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‘They don’t see what we face’: For First Nations hockey team, racism at the rink is not surprising

The First Nations Elites hockey team at a 2018 tournament. submitted by Tommy H.J. Neeposh In late May, the First Nations Elites, composed of players aged 13 and 14, competed in the Coupe Challenge Quebec AAA, an annual bantam tournament for local teams. The indigenous team faced racial slurs.

Tommy H.J. Neeposh

An Indigenous hockey team that faced racial slurs at a recent tournament in Quebec City say that little action has been taken by tournament organizers to address the abuse.

In late May, the First Nations Elites, composed of players aged 13 and 14, competed in the Coupe Challenge Quebec AAA, an annual bantam tournament for local teams. The Elites come from several Cree, Algonquin and Atikamekw communities in Quebec, as well as First Nations communities in Ontario and Nova Scotia.

According to team coach Tommy Neeposh, as well as players and parents, the Elites were called “savages” by spectators and by an opposing coach. Another team mimicked stereotypical war cries during a warm-up, a DJ played pow wow music before the Elites got on the ice and the referees penalized the team excessively, they said.

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In light of the abuse, some of which was caught on video and later posted to Facebook, Neeposh says that the tournament’s organizers have not done enough to properly address the incident.

“They’ve done nothing. Absolutely nothing,” Neeposh said. “We haven’t even received an apology from them.”

Like many other little-league tournaments in Quebec, the Coupe Challenge falls outside the jurisdiction of Hockey Québec, the governing body of hockey in the province, which has clear guidelines on racism and discrimination in its code of ethics. According to Neeposh, smaller tournaments’ policies on racism aren’t enforced to the same extent as they are at Hockey Québec.

For their part, the organizers of the tournament contend that they have a zero-tolerance discrimination policy, and that during the tournament, they reiterated to all participating teams of the Coupe Challenge that racism would not be tolerated. Jonathan Lachance, a co-organizer of the tournament, said that he met with the coach who called Neeposh’s players “savages” after the game, and that the coach promptly apologized.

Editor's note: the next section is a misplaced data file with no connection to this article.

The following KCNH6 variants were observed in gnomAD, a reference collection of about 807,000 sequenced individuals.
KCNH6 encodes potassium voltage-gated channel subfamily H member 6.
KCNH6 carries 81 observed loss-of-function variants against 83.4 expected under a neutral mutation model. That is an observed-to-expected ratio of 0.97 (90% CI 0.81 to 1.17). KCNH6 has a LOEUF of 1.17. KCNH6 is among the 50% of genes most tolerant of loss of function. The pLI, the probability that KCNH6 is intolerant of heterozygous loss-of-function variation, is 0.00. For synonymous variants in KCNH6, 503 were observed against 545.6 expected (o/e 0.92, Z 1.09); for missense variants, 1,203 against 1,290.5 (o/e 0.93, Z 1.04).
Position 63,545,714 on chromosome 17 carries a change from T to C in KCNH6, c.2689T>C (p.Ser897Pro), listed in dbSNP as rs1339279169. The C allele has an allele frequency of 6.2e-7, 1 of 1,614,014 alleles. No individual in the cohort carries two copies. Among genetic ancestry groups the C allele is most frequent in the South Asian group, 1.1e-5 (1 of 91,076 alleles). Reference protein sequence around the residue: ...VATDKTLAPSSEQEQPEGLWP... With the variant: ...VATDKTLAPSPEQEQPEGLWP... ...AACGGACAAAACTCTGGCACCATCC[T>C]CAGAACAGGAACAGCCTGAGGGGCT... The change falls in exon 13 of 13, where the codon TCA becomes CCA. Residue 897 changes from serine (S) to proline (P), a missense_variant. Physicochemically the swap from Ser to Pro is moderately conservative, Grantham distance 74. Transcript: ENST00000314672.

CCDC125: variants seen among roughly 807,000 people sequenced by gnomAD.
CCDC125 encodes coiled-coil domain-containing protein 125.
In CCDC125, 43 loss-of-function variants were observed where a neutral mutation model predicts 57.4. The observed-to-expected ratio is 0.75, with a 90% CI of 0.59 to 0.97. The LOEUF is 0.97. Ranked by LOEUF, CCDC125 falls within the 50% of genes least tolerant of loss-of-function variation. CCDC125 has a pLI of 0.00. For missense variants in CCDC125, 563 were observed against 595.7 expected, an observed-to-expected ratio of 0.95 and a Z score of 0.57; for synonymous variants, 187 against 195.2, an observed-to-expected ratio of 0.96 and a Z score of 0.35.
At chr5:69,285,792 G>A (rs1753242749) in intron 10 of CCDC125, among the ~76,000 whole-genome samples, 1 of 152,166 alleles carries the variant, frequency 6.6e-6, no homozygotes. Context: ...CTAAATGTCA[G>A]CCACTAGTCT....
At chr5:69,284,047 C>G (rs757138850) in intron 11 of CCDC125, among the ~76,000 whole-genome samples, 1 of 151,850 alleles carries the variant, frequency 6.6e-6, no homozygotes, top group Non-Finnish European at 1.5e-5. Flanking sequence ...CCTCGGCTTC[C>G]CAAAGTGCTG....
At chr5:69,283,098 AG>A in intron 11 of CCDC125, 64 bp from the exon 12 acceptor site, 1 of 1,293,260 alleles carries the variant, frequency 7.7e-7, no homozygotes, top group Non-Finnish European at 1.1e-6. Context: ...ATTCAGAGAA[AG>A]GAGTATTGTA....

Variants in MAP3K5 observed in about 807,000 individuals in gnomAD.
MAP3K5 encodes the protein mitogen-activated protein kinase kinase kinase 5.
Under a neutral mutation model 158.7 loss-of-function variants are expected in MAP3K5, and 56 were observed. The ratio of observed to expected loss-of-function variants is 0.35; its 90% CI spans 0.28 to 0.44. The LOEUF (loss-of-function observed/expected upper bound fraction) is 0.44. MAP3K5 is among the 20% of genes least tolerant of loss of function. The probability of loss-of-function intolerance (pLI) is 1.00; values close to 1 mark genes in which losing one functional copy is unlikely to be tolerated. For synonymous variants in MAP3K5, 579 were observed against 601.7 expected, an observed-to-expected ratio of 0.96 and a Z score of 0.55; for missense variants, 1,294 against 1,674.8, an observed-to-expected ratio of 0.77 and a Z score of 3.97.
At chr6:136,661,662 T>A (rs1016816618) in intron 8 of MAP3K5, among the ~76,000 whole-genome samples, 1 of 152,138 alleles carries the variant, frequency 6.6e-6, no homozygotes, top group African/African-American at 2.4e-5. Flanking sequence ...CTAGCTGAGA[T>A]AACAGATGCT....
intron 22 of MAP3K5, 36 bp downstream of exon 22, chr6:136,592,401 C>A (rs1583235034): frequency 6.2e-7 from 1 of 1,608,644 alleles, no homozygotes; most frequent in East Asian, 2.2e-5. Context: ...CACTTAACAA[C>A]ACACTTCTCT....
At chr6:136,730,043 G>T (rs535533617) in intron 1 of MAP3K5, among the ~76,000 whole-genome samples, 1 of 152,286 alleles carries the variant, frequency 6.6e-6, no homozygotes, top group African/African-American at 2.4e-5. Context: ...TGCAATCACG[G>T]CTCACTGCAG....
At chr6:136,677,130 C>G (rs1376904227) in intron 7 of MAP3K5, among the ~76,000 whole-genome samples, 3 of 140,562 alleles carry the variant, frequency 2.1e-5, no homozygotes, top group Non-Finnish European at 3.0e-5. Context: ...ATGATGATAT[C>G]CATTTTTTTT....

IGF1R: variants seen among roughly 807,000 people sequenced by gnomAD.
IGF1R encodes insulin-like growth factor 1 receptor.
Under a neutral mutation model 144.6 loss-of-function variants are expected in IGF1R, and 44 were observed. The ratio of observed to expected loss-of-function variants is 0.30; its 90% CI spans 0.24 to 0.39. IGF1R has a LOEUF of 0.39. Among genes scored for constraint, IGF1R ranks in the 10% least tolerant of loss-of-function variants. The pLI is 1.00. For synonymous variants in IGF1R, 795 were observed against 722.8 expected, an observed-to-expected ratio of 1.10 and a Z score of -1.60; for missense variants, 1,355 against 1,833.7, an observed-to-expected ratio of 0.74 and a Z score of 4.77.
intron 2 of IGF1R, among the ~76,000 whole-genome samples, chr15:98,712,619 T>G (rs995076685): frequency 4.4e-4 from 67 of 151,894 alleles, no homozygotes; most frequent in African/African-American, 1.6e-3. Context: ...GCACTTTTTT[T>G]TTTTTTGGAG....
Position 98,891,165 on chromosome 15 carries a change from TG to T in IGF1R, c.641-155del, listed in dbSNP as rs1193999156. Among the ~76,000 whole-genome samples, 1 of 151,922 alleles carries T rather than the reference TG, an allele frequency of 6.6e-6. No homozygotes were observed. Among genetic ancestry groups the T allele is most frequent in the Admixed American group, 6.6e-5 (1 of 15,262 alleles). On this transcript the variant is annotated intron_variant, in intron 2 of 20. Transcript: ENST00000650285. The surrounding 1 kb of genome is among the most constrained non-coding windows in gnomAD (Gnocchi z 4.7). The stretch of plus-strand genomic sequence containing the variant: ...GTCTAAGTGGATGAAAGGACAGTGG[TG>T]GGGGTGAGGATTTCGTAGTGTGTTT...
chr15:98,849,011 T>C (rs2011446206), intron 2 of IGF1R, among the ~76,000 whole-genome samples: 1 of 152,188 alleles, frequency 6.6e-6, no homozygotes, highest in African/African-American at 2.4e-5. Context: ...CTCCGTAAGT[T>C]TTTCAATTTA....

But Neeposh said the coach’s apology doesn’t account for all the other incidents, and the zero-tolerance policy is not adequately enforced. “Zero tolerance? We faced [abuse] all weekend with every team and every game.”

For many parents and managers of Indigenous hockey teams, incidents such as these are unsurprising, and the organizers’ handling of the incidents are all too familiar.

“It’s like that every year, everywhere we go,” said Donald Lucas, the founder of LaFlamme hockey, a group of junior teams for Indigenous boys in Quebec. Parents yell racial slurs at his players, sometimes telling him to take his players “back home” to the reserves in Northern Quebec and Labrador where they come from. Lucas said he once had to escort his team of nine-year-old boys out the back door of an arena in Val-D’or to avoid a confrontation with an angry coach waiting for them by the front entrance.

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Both Neeposh and Lucas have complained to the tournaments’ organizers in the past, but with little success. They said that most of the time the organizers assure the coaches they will work to fix the problem, but rarely follow through.

As a result, the two coaches now avoid certain tournaments they know will attract racial abuse – an approach that other Indigenous parents and coaches take as well. Jarris Gull, the assistant coach of the Cree Nation Bears, said that he was selective with where he sent his daughter to play hockey. He said the more convenient option would be to register her for the local hockey league in Amos, Que., but having played there himself as a teenager, he didn’t want her to face the same kind of “name-calling” that he faced. “I didn’t want my daughter to go through the same kinds of situations,” he said.

The experiences are especially concerning for coaches and parents of youths who play on Indigenous teams, who worry that this will deter them from getting involved with sports. Rosalin Miles, a First Nations professor of Indigenous studies and kinesiology at the University of British Columbia, said that being part of a team can be especially beneficial for players from low-income, remote communities which may experience bouts of drug addiction, and precarious living conditions. But, “if you’re being harassed and bullied, it’s going to decrease your motivation to be involved,” she added.

Publicity over the recent events is prompting calls for institutional change in junior hockey. “There should be zero-tolerance policies for harassment in sports,” Miles said. “You have legal rights not to be harassed and discriminated against, and it should apply here, too.”

Neeposh believes the tournaments would benefit from more First Nations representation on their staff who can identify on-ice racism so that it can be penalized appropriately. The lack of representation, he said, is in many ways what allows for this problem to persist.

“They don’t see our point of view. They don’t see what we face. They don’t see the racism.”

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